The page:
The ongoing conflict in northern Mali between radical armed groups and Malian and French security forces has become a source of concern to its neighboring countries and beyond. Mali’s instability and fragility is attributed primarily to the scarcity of resources, a weak state and bad governance where understaffed institutions and rampant corruption have contributed to a state of disarray. Just as the security apparatus cannot maintain the government’s sovereignty and authority, state institutions are unable to provide justice, education, and healthcare to Mali’s citizens.
Recently, I participated in a roundtable seminar in Barcelona, Spain on the Malian conflict and its ramifications in North Africa. The event was jointly organized by the Barcelona Center for International Affairs (CIDOB), the Stimson Center, and the Norwegian Peacebuilding Resource Centre (NOREF). A group of international experts discussed a range of issues related to Mali’s security crisis. The Malian conflict has triggered dormant grievances and changed the security calculus of the Sahel and North Africa.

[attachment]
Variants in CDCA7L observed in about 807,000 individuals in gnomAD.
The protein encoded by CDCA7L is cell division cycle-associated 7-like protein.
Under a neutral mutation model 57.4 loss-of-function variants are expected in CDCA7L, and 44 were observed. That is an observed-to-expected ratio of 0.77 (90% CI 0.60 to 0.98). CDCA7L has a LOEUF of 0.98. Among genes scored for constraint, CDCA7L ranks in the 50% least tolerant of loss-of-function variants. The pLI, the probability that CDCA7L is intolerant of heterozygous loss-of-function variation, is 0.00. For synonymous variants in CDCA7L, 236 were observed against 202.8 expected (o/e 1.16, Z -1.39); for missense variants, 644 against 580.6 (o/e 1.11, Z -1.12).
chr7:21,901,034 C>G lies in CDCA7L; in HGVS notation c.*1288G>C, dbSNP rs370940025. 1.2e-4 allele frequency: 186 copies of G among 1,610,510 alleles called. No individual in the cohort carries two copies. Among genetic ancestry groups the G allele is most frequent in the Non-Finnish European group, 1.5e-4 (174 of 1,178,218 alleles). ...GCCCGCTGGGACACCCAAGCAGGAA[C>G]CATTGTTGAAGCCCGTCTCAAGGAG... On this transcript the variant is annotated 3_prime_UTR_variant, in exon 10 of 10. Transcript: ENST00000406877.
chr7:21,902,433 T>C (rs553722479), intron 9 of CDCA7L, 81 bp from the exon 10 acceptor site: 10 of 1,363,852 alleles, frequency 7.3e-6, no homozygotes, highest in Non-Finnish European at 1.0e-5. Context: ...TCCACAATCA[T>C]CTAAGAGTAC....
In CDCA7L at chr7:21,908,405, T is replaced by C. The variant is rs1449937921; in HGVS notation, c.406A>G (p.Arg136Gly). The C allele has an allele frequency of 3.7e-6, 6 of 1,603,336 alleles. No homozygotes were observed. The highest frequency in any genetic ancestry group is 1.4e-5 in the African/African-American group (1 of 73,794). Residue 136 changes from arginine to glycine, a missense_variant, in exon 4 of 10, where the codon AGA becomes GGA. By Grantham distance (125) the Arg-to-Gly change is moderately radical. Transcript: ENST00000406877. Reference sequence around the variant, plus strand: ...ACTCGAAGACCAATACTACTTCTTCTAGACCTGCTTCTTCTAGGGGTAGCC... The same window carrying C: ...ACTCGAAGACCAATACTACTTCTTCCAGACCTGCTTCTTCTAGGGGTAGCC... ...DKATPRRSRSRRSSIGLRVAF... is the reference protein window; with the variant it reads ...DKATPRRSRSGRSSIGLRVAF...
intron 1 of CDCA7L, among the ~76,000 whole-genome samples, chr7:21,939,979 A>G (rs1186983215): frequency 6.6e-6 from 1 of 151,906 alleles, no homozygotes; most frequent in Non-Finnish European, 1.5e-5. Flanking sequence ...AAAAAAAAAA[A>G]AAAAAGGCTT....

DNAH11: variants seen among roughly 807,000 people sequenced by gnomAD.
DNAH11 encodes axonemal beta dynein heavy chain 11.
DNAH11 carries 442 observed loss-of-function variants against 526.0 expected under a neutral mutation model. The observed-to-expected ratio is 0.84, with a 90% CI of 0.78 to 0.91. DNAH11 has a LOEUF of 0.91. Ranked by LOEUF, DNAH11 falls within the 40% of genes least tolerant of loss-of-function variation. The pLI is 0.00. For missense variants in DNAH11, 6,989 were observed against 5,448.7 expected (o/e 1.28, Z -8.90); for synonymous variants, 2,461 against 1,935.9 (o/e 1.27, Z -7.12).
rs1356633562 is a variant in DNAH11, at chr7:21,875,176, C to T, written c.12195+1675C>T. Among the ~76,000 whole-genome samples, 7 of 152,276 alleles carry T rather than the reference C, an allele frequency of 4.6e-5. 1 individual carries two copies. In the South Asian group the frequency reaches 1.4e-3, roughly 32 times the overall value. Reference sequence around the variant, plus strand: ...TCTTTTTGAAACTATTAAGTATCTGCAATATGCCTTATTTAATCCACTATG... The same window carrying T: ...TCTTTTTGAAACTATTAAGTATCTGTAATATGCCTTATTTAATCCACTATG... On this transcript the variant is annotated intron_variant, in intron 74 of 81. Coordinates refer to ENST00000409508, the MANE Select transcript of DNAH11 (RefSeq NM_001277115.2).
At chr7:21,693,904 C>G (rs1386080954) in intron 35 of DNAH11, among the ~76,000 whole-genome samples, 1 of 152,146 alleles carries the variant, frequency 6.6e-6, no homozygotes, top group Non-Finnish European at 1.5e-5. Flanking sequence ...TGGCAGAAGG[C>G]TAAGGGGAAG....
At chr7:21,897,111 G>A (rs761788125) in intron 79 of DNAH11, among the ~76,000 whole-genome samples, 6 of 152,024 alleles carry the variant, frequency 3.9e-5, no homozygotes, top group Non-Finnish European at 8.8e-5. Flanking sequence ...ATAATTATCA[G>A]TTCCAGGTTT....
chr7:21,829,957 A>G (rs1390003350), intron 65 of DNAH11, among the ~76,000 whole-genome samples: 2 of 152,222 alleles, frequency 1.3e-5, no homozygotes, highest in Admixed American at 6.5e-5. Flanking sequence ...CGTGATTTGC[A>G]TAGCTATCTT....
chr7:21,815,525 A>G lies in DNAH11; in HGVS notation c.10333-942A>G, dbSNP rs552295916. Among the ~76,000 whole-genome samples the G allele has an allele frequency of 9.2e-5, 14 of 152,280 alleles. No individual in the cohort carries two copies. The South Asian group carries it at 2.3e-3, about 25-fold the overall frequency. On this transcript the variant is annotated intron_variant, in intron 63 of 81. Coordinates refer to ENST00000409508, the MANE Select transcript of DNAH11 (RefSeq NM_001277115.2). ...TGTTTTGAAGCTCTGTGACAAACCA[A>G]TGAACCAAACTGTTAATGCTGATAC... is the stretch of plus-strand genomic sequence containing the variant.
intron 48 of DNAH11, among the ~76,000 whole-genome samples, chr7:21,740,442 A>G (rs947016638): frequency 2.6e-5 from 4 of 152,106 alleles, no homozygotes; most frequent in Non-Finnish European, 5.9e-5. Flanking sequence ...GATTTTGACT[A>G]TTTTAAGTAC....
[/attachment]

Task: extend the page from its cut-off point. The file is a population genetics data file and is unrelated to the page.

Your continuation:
The flow of fighters and arms in and out of Mali has threatened stability in other vulnerable Maghreb countries which are experiencing their own challenging political transitions. Tunisia and Libya face a myriad of intertwined internal and cross-border security threats just as they are rebuilding their political institutions and legitimacy as well as restructuring their security apparatuses. Other Maghreb countries that have survived the wave of revolution and upheavals of the past two years are no less vulnerable. Algeria, Mauritania, and Morocco are wary of the security and geopolitical repercussions of Mali’s ongoing conflict.
Despite the common challenges, the Maghreb countries have not yet managed to build a regional security cooperation forum, partly because of the rivalry between Algeria and Morocco regarding regional leadership; but also because, with the exception of Algeria, these countries have limited human and material resources to gather intelligence and patrol borders. The current bilateral and trilateral security cooperation initiatives among Algeria and other North African and Sahel countries have not addressed the region’s many challenges.
Notwithstanding the current difficulties, the benefits of regional stability are potentially significant. The conflict in Mali presents an opportunity, particularly for Morocco and Algeria, to reevaluate foreign policy priorities and improve regional cooperation to restore peace and stability in Mali and in the greater region.
Dr. Mohammed El-Katiri is a former Senior Researcher at The Hague Institute for Global Justice.